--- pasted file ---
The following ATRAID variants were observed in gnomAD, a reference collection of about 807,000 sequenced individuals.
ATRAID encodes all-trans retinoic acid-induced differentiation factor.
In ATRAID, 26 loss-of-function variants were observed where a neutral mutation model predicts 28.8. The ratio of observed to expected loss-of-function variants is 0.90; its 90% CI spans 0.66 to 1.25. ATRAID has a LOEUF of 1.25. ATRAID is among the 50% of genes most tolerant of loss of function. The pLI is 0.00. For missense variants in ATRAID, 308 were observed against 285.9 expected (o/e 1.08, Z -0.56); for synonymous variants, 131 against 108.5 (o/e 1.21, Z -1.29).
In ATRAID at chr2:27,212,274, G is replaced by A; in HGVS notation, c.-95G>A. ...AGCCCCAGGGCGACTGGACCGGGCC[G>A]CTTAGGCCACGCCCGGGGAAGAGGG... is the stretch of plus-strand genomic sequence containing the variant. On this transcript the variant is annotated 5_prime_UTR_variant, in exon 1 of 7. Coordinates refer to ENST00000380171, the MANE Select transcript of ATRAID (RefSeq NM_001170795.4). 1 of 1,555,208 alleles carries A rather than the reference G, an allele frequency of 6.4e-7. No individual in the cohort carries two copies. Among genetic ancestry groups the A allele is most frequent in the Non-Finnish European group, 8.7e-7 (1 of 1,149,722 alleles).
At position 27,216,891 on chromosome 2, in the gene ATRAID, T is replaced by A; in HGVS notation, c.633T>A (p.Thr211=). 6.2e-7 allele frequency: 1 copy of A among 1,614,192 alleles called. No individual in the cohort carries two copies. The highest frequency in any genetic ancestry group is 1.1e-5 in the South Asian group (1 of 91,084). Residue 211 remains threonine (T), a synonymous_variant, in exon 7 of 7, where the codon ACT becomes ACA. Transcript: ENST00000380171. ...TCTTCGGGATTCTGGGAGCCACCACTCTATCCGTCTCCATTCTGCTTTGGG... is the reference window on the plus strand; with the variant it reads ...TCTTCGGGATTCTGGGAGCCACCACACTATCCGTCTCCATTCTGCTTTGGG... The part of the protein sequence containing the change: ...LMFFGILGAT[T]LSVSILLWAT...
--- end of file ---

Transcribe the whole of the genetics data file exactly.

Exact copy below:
The following ATRAID variants were observed in gnomAD, a reference collection of about 807,000 sequenced individuals.
ATRAID encodes all-trans retinoic acid-induced differentiation factor.
In ATRAID, 26 loss-of-function variants were observed where a neutral mutation model predicts 28.8. The ratio of observed to expected loss-of-function variants is 0.90; its 90% CI spans 0.66 to 1.25. ATRAID has a LOEUF of 1.25. ATRAID is among the 50% of genes most tolerant of loss of function. The pLI is 0.00. For missense variants in ATRAID, 308 were observed against 285.9 expected (o/e 1.08, Z -0.56); for synonymous variants, 131 against 108.5 (o/e 1.21, Z -1.29).
In ATRAID at chr2:27,212,274, G is replaced by A; in HGVS notation, c.-95G>A. ...AGCCCCAGGGCGACTGGACCGGGCC[G>A]CTTAGGCCACGCCCGGGGAAGAGGG... is the stretch of plus-strand genomic sequence containing the variant. On this transcript the variant is annotated 5_prime_UTR_variant, in exon 1 of 7. Coordinates refer to ENST00000380171, the MANE Select transcript of ATRAID (RefSeq NM_001170795.4). 1 of 1,555,208 alleles carries A rather than the reference G, an allele frequency of 6.4e-7. No individual in the cohort carries two copies. Among genetic ancestry groups the A allele is most frequent in the Non-Finnish European group, 8.7e-7 (1 of 1,149,722 alleles).
At position 27,216,891 on chromosome 2, in the gene ATRAID, T is replaced by A; in HGVS notation, c.633T>A (p.Thr211=). 6.2e-7 allele frequency: 1 copy of A among 1,614,192 alleles called. No individual in the cohort carries two copies. The highest frequency in any genetic ancestry group is 1.1e-5 in the South Asian group (1 of 91,084). Residue 211 remains threonine (T), a synonymous_variant, in exon 7 of 7, where the codon ACT becomes ACA. Transcript: ENST00000380171. ...TCTTCGGGATTCTGGGAGCCACCACTCTATCCGTCTCCATTCTGCTTTGGG... is the reference window on the plus strand; with the variant it reads ...TCTTCGGGATTCTGGGAGCCACCACACTATCCGTCTCCATTCTGCTTTGGG... The part of the protein sequence containing the change: ...LMFFGILGAT[T]LSVSILLWAT...